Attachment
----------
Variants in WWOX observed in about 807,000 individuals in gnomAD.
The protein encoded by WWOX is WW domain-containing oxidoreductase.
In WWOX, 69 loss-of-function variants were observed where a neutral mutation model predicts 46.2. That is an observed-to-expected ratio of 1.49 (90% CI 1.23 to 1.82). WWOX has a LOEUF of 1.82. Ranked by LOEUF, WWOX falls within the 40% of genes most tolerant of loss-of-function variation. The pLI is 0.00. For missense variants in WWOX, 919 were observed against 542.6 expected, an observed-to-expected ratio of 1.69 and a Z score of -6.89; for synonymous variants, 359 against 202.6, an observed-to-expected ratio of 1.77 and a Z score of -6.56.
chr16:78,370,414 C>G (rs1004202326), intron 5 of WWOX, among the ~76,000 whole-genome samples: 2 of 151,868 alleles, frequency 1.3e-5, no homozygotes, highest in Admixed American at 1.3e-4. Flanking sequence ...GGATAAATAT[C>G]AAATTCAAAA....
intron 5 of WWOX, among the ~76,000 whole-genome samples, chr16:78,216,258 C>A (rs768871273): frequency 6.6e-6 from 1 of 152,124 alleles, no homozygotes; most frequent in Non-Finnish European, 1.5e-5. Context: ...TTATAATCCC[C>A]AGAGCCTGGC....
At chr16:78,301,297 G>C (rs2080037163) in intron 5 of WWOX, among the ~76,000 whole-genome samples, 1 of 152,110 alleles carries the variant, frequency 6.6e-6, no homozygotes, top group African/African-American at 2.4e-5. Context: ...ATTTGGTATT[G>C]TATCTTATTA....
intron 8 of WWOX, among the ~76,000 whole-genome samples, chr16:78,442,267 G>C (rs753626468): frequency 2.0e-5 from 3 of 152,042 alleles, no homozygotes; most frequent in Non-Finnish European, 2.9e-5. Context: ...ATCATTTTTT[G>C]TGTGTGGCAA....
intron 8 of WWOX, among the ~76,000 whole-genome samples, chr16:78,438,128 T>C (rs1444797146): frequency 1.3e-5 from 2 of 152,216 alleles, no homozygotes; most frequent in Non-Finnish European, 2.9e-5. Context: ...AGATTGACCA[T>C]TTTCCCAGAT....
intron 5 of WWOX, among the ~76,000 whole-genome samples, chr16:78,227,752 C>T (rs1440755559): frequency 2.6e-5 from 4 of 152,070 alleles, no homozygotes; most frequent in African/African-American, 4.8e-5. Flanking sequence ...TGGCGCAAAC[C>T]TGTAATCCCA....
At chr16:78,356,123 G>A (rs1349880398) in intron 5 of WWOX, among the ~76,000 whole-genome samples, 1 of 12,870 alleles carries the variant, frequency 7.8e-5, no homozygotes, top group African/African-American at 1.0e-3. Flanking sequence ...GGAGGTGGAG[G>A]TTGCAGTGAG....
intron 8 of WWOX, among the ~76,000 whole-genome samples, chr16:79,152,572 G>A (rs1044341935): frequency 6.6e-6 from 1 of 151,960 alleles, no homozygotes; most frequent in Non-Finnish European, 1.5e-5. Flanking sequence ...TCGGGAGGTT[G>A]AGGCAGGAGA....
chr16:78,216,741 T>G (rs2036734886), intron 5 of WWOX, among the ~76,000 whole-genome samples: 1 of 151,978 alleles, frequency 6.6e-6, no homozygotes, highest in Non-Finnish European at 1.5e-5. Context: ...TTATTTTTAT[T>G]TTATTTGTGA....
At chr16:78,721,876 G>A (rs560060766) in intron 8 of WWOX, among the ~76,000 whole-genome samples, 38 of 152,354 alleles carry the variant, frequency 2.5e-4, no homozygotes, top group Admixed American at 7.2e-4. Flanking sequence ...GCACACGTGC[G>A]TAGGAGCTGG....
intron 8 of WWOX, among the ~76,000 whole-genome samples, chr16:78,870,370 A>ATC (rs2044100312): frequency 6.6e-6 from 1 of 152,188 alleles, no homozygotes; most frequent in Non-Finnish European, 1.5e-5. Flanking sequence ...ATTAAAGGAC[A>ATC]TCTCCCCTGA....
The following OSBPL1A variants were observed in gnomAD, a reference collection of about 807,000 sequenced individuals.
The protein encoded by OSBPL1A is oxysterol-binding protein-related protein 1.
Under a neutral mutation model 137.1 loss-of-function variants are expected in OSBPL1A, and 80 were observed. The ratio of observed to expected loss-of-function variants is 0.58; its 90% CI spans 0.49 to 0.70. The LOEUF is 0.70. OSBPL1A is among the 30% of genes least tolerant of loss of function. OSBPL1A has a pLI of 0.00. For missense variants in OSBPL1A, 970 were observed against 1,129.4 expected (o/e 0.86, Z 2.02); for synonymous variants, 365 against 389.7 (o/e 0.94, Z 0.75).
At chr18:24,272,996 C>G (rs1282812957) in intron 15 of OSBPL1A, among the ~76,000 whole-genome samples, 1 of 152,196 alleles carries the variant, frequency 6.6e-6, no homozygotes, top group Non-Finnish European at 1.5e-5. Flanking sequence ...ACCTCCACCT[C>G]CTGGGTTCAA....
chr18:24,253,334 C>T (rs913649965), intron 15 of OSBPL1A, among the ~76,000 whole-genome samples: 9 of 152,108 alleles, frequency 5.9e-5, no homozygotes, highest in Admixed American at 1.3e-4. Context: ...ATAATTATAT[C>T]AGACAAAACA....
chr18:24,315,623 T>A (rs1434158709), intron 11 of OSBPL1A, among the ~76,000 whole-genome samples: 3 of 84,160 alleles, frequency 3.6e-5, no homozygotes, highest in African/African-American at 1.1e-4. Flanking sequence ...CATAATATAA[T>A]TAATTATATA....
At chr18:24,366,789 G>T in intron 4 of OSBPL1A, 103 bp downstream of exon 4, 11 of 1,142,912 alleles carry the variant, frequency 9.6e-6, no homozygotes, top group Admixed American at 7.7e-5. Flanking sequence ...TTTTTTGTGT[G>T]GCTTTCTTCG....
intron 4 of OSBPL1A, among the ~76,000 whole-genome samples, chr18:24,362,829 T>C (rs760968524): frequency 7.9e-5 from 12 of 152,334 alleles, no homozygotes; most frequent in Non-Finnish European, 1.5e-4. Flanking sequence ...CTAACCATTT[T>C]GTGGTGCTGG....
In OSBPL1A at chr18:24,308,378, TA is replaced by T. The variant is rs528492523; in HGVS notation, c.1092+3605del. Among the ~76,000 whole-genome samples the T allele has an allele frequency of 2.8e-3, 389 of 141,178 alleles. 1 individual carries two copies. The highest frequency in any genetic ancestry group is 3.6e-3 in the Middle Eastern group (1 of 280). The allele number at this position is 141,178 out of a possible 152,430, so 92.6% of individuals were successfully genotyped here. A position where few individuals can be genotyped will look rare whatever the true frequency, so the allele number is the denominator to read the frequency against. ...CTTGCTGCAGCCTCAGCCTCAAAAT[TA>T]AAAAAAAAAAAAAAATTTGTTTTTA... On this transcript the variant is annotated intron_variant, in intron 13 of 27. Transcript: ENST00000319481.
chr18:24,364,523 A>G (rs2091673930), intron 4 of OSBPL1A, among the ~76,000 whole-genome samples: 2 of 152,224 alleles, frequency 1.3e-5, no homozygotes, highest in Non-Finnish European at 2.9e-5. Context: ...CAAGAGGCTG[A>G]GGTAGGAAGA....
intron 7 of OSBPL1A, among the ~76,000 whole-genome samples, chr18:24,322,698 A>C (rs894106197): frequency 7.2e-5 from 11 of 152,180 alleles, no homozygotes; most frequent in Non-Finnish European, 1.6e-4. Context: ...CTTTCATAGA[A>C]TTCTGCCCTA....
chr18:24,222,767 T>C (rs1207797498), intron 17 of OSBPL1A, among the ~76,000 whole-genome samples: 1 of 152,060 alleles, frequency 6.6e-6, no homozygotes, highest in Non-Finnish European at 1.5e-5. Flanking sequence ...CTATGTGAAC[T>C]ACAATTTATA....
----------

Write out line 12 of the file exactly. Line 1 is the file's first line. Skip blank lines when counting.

chr16:78,216,741 T>G (rs2036734886), intron 5 of WWOX, among the ~76,000 whole-genome samples: 1 of 151,978 alleles, frequency 6.6e-6, no homozygotes, highest in Non-Finnish European at 1.5e-5. Context: ...TTATTTTTAT[T>G]TTATTTGTGA....